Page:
In fact, because I have some idea of the difficulty involved, I'd be willinto to pay someone else to write a tool for this purpose. So, what about the commercial tools?
I tried Partition Magic, now owned by Symantec. It did not work at all either. Essentially, while it claims to support ext3 partitions, "support" here means that it will correctly identify and display them. It can't actually do anything with them, such as move or resize them. It also requires a floppy drive, and will crash if one isn't present in your computer. I demanded (and got) a refund for my online purchase, and happily deleted it from my computer. In my view, the marketing materials for this product are completely deceptive, and you should avoid it.
Paragon's Partition Manager, on the other hand, worked nearly flawlessly, and the $50 download also comes with a useful CD-burning tool. It deleted one FAT partition and resized another, deleted one ext3 partition and resized two more, and moved a swap partition. It even resized the whole extended partition, consolidating free space. It even did its resizing on the active partition I was running from, by rebooting and executing a script. Obviously, doing a tricky operation on the partition from which you have booted the computer is a potentially risky operation, but everything worked perfectly afterwards, including my dual boot involving both the NT boot manager and GRUB.
I did see one crash while examining a partition's contents, but this had no lasting effect.
There's the old saying that Linux is free only if your time isn't. I could have reinstalled both Windows 2000 and Linux from scratch, remaking all my partitions and then restoring all my software from backup or from installation disks. Taking into account the time needed to download all the Windows 2000 and Fedora updates, that probably would have taken at least a day. Instead, I have a tool that did all this rearranging in perhaps thirty minutes. Better still, I know that if I need to rearrange some partitions in the future, this tool will do it for me painlessly. I'm very impressed and highly recommend Paragon's Partition Manager for all dual-boot Linux weenies who may need to rearrange partitions.Wed, 02 Feb 2005 Five Lakes Grill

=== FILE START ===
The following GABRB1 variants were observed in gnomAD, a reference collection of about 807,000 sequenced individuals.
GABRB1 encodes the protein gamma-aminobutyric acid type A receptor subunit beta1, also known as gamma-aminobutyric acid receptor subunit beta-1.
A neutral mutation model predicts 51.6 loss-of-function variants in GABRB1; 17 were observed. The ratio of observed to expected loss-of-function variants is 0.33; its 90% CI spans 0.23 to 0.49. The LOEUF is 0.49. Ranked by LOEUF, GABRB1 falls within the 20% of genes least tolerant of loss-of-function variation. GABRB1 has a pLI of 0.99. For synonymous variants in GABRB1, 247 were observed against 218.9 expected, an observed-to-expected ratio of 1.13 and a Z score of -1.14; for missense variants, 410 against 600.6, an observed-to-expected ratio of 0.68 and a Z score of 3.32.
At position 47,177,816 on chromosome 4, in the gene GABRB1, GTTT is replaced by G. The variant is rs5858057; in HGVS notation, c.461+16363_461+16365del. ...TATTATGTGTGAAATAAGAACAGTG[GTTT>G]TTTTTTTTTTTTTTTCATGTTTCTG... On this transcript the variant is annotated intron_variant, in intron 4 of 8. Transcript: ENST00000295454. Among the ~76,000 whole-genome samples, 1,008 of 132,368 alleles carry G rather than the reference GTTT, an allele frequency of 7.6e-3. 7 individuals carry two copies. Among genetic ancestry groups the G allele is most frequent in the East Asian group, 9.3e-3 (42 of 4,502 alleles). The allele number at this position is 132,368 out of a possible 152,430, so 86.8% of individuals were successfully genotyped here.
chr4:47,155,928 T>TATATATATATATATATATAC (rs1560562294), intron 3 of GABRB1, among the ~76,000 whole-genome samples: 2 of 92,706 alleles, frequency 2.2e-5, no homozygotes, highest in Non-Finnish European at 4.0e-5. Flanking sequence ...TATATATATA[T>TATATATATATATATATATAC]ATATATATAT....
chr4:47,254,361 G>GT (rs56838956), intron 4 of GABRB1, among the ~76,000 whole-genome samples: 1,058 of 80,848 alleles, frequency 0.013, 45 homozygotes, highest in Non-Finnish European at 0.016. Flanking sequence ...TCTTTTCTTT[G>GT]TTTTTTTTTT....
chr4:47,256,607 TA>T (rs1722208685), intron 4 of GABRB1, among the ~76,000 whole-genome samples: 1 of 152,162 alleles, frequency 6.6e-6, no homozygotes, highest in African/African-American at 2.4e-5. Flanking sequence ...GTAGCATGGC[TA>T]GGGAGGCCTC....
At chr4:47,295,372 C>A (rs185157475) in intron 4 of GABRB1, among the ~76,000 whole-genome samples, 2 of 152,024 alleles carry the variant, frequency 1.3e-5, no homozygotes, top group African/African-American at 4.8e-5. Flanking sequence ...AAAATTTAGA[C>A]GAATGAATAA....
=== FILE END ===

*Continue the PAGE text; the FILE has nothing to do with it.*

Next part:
To celebrate Grace's 32nd birthday, last night we drove to Milford and ate dinner at Brian Polcyn's restaurant, the Five Lakes Grill.
The space and atmosphere were pretty decent, but not wonderful. I have no love of Muzak, and there was a lot of it, but at least it was not loud.
The food was great. We've been meaning to make the trip ever since reading a review in the Atlantic several years ago. The review has been stuck to our closet door with a magnet ever since then. Now we can take it down!
Grace had the rack of lamb, which she described as the best she's ever had. The only flaw was that the wilted spinach with it was too salty. The salad was good. We split glasses of a house Shiraz, which was quite tasty.
I had a special, marinated skirt steak with a sweetish currant sauce, served with vegetables including blue potatoes and asparagus. The meat and sauce was excellent, and the vegetables excellent, but the combination didn't really sing. Not all specials wind up working out as well as the tried-and-true dishes; that's OK. It was quite good anyway.
We had a charcuterie platter appetizer; it is one of Polcyn's specialties, and he teaches charcuterie. The sausages were all excellent, including a seafood sausage. He also had a great prosciutto.